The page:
The Methodology of the Behavioral Analysis of Law

Haifa Law Review, Vol. 4, p. 237, 2008

92 Pages Posted: 12 Sep 2008 Last revised: 11 Jan 2009

Avishalom Tor

Notre Dame Law School; University of Haifa - Faculty of Law

Date Written: July 11, 2008

Abstract

This article examines the behavioral analysis of law, meaning the application of empirical behavioral evidence to legal analysis, which has become increasingly popular in legal scholarship in recent years. Following the introduction in Part I, this Article highlights four central propositions on the subject. The first, developed in Part II, asserts that the efficacy of the law often depends on its accounting for relevant patterns of human behavior, most notably those studied by behavioral decision scientists. This Part therefore reviews important behavioral findings, illustrating their application and relevance to a broad range of legal questions. Part III then argues that the behavioral approach is empirically driven, engaging in both the theoretical application of extant empirical findings to the law and the generation of new, legally relevant, experimental and observational evidence. As this Part shows, moreover, each of these behavioral genres possesses different methodological strengths and weaknesses, and they therefore both substitute for and complement one another, in different respects. Part IV explains that the behavioral approach encounters a series of "gaps" between the type of empirical evidence provided by behavioral decision researchers and the data required to resolve legal questions. Legal scholars should therefore be aware of these gaps, which may limit the usefulness of extant behavioral evidence for legal analysis. This Part also addresses what legal scholars may do to overcome these gaps and distinguish real gaps from imaginary ones. Part V completes the body of the Article, arguing that the behavioral analysis of law is simultaneously normatively neutral and normatively relevant. It is normatively neutral because the behavioral analysis of law is not committed to any specific legal goal or value system. This fundamental neutrality, in turn, makes the behavioral approach a versatile instrument, which can help generate important normative conclusions in the service of scholars evaluating the law based on any normative criteria - from justice to welfare and more. Part VI concludes.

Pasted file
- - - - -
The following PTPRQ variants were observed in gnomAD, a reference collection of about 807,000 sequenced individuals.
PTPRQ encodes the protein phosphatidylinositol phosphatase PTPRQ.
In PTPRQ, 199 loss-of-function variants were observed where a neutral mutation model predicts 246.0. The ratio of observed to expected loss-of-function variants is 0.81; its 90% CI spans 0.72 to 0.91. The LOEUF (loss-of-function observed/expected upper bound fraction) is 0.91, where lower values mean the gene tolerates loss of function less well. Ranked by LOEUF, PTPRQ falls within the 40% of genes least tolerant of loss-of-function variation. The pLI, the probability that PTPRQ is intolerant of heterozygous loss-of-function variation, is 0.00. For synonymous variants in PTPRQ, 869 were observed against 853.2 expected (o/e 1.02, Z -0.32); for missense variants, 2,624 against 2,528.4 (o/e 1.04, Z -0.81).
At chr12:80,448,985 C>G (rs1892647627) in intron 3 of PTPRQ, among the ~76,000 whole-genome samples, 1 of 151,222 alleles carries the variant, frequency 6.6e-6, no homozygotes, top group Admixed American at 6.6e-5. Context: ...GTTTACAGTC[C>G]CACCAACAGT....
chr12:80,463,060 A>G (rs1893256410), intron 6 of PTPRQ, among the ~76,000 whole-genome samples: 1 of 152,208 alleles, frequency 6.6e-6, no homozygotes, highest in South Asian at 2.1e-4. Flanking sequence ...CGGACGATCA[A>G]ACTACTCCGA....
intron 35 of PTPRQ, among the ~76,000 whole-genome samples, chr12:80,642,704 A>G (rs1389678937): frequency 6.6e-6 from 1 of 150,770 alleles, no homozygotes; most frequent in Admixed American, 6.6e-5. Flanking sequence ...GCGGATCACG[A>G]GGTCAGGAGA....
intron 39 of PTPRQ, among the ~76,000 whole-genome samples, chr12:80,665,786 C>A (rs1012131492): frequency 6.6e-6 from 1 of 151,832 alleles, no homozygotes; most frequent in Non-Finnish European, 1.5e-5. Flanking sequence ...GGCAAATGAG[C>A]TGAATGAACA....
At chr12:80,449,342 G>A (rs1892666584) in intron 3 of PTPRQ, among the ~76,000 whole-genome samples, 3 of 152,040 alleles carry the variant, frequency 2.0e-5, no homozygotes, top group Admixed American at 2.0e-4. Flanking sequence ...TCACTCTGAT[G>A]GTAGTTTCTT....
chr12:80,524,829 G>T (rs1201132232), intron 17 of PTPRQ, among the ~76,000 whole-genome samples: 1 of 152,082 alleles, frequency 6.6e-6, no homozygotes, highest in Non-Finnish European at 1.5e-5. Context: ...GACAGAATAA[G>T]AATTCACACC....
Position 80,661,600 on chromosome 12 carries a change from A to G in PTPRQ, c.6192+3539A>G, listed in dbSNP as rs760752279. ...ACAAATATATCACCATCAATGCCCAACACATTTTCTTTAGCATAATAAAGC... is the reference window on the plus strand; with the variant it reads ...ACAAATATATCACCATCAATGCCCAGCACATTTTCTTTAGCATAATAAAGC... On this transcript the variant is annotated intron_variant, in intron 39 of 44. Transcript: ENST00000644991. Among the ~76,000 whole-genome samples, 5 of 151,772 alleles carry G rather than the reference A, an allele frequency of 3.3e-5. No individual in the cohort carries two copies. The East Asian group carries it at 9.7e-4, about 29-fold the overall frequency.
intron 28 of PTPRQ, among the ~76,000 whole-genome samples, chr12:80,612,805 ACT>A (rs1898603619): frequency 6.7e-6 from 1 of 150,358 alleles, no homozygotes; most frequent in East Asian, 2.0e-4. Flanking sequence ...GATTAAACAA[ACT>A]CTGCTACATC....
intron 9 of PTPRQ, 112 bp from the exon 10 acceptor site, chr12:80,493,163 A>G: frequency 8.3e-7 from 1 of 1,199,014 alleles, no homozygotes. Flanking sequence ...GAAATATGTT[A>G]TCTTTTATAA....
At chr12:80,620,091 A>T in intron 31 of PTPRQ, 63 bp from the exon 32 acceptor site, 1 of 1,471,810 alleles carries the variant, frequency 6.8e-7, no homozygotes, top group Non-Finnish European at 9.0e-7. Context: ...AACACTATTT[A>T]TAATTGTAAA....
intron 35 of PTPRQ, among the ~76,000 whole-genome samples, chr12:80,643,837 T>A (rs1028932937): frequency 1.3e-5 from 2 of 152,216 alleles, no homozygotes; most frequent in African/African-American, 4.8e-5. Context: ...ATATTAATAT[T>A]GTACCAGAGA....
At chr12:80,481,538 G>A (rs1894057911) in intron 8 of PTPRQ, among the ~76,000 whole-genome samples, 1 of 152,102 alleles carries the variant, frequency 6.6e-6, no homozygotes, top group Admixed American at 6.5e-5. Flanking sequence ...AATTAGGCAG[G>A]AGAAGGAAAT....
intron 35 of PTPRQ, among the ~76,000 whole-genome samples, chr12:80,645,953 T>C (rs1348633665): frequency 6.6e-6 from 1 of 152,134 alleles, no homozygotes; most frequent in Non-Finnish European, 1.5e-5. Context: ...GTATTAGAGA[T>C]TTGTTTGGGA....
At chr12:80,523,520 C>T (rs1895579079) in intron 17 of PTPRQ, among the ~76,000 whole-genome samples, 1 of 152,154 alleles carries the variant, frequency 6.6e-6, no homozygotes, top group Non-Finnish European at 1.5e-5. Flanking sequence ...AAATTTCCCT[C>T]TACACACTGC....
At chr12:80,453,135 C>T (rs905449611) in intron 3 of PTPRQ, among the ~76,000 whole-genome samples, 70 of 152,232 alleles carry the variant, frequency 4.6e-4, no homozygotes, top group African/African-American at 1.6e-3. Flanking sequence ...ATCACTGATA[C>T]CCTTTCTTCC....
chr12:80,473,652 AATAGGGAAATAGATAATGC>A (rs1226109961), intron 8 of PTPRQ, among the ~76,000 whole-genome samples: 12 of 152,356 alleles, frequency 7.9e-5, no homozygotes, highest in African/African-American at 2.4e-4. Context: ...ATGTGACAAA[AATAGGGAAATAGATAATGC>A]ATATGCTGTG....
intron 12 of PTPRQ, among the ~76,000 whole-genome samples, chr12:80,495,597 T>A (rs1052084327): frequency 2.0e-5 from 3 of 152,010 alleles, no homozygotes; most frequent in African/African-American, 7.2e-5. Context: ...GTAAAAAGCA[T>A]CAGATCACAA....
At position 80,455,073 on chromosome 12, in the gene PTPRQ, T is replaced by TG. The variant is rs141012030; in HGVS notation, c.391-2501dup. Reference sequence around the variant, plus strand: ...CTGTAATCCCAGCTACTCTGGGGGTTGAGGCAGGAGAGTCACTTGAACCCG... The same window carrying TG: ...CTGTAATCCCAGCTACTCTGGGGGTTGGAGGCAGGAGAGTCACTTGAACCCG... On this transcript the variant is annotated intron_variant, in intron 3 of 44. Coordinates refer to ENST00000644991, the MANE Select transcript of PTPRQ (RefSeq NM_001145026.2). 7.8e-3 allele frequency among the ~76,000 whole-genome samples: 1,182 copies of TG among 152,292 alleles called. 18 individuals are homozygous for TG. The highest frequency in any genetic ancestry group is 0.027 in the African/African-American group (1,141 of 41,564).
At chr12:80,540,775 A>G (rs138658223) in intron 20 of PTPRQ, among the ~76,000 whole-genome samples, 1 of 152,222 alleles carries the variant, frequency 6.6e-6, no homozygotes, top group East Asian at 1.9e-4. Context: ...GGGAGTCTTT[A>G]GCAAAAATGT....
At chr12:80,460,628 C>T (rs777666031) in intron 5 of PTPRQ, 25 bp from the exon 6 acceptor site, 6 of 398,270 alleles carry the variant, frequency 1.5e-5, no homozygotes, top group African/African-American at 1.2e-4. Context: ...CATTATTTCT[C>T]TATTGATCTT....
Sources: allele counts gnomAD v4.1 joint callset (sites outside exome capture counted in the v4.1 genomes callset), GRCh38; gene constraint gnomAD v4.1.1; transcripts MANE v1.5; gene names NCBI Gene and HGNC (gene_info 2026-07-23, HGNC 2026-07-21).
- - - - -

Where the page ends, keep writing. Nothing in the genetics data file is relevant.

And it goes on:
Keywords: behavioral, experimental, law and economics, rationality, choice, judgment, decision making, debiasing, paternalism

JEL Classification: A12, C91, K00

Suggested Citation

Tor, Avishalom, The Methodology of the Behavioral Analysis of Law (July 11, 2008). Haifa Law Review, Vol. 4, p. 237, 2008. Available at SSRN: https://ssrn.com/abstract=1266169

Avishalom Tor (Contact Author)

Notre Dame Law School ( email )

P.O. Box 780
Notre Dame, IN 46556-0780
United States

University of Haifa - Faculty of Law ( email )

Mount Carmel
Haifa, IN IN 31905
Israel

Paper statistics

Downloads
795
Rank
23,107
Abstract Views
2,980